• Successful Task Completion:  Each scenario requires the participant to obtain specific data that would be used in a typical task. The scenario is successfully completed when the participant indicates they have found the answer or completed the task goal.  In some cases, you may want give participants multiple-choice questions. Remember to include the questions and answers in the test plan and provide them to note-takers and observers.
  • Critical Errors:  Critical errors are deviations at completion from the targets of the scenario. For example, reporting the wrong data value due to the participant’s workflow. Essentially the participant will not be able to finish the task. Participant may or may not be aware that the task goal is incorrect or incomplete.
  • Non-Critical Errors:  Non-critical errors are errors that are recovered by the participant and do not result in the participant’s ability to successfully complete the task. These errors result in the task being completed less efficiently. For example, exploratory behaviors such as opening the wrong navigation menu item or using a control incorrectly are non-critical errors.
  • Error-Free Rate:  Error-free rate is the percentage of test participants who complete the task without any errors (critical or non-critical errors).
  • Time On Task:  The amount of time it takes the participant to complete the task.
  • Subjective Measures:  These evaluations are self-reported participant ratings for satisfaction, ease of use, ease of finding information, etc where participants rate the measure on a 5 to 7-point Likert scale.
  • Likes, Dislikes and Recommendations:  Participants provide what they liked most about the site, what they liked least about the site, and recommendations for improving the site.

 

Reference

[1] Carroll, J. M. (2000). Making use: scenario-based design of human-computer interactions, Cambridge, MA: The MIT Press.

[2] http://www.usability.gov/how-to-and-tools/methods/index.html

 

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Other ethnographic techniques

Ethnographic research is not only carried out means of participant observation and  interviewing( structured & unstructured). Some techniques are available for gathering insights into people’s world view and social relationships, and some will be briefly described.

Case-studies

A case-study can be carried out by using almost any methods of research and design thinking to prototype the framework of the research.

A case-study involves the in-depth study of a single example of whatever it is that the sociologist wishes to investigate. This could be an individual, a group, an event or an institution. Also in term of the researcher, who can be an individual or multidiscipline team members as well.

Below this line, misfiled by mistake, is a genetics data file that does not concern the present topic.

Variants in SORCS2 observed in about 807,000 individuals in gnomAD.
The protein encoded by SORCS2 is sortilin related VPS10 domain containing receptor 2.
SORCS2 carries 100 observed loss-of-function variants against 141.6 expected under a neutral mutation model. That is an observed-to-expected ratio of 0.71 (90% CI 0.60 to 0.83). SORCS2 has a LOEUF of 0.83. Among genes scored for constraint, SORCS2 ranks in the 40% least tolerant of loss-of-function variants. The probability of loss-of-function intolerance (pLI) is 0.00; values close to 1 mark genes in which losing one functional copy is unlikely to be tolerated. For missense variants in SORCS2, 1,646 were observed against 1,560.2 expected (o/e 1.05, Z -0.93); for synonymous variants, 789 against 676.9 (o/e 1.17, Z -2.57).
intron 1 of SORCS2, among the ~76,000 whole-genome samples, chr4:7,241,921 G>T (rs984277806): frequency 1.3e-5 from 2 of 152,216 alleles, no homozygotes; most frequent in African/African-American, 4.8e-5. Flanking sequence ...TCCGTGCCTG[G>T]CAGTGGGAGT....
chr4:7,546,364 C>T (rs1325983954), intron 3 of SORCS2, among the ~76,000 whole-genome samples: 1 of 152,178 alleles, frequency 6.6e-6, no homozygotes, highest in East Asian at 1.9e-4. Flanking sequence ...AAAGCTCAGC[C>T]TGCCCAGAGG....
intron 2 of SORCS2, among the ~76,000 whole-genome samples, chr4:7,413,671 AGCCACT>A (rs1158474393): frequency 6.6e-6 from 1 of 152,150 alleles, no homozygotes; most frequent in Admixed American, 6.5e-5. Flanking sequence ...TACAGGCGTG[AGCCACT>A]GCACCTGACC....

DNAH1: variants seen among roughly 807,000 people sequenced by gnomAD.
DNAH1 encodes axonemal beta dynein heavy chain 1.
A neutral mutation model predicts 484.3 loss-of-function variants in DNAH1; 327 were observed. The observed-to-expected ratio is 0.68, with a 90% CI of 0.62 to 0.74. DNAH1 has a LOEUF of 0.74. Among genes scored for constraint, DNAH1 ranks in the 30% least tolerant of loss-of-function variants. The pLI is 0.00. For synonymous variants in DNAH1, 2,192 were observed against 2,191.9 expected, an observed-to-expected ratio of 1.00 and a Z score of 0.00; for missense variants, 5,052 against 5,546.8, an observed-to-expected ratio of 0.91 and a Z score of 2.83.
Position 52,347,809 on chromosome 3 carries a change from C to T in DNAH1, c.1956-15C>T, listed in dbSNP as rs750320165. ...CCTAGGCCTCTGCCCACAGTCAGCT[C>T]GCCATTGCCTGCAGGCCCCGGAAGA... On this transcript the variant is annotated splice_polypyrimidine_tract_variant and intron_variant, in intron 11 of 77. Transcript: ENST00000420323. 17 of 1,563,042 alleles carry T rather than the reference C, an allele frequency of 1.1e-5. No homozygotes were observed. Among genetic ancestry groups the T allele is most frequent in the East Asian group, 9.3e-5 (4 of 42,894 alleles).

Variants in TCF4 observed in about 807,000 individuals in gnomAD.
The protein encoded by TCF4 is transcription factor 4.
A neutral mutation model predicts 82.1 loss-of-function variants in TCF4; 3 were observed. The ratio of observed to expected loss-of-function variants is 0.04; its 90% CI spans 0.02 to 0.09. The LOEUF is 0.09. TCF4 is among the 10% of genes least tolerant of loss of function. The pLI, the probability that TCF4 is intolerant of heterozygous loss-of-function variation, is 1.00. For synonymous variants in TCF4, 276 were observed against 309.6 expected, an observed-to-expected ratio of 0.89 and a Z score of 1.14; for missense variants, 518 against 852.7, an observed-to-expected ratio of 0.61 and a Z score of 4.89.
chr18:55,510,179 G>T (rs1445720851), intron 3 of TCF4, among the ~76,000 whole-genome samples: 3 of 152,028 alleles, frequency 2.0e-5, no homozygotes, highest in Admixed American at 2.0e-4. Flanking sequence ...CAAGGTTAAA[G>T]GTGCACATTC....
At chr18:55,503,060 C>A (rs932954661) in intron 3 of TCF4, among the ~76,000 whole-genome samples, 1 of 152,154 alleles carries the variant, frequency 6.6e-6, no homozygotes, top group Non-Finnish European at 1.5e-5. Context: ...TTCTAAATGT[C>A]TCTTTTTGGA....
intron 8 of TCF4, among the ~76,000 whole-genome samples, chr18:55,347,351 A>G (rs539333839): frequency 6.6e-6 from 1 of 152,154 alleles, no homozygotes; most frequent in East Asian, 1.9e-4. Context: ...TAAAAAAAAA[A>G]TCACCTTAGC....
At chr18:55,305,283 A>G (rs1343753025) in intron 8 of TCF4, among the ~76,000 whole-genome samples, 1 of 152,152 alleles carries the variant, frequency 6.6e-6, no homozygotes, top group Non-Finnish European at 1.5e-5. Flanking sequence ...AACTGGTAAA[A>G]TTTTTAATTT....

A case-study may prompt further, more wide-ranging research, providing ideas to be followed up later, or it may be that some broad generalization is brought to life by a case-study.

In a sense, ethnographic study is a case-study,since all such research concentrates on a relatively small group, a single institution of the service design.

The life-history (Life-story)

A type of case-study in which the intention is to interpret a person’s life using a variety of ethnographical techniques. The sociologist aims to construct the personal narrative of an individual who may be selected because he or she is remarkable in his or her own right (e.g. as an influence, in some way, on some aspect of social life) or because he or she is seen as a typical remarkable of a marginalized or “invisible”social group. We can use life-history to collect family tree data that tracks social change across time, place and generations when you conduct a research that relevant to social historical phenomena case study.

Time budgeting

No matter what kind of a research the time budgeting is crucial to it. The subjects assist the researcher by observing and recording their own activities in regard to the timing, sequence, duration and location of activities and the people with whom the activities were performed. Time budgets are able to capture the relatively informal activities that make up a person’s day such as “napping” and casual encounters, the minutiae of a person’s day that cannot easily be uncovered by interview or questionnaire.

Community studies

As we have seen, ethnographic studies aim to describe the way of life of a society or group of people. Where that group is quite small, such as a street gang, the main method of data collection used will be participant observation, interviews. While some challenge faced to researchers. The first is gaining access to the community in question. Here may be the recruitment strategy needs to be learnt. In addition, the more complex the society being studied, the more specialist groups(researchers) it is going to have.

What the roles should researchers take on? In a large community such a marginal roles may be possible, but in a village or in a small community in a large town, it is essential that the researchers be placed in some way.

Reference:

Mcneill,P., Chapman,S. (2005) Research methods, third edition published by Routledge.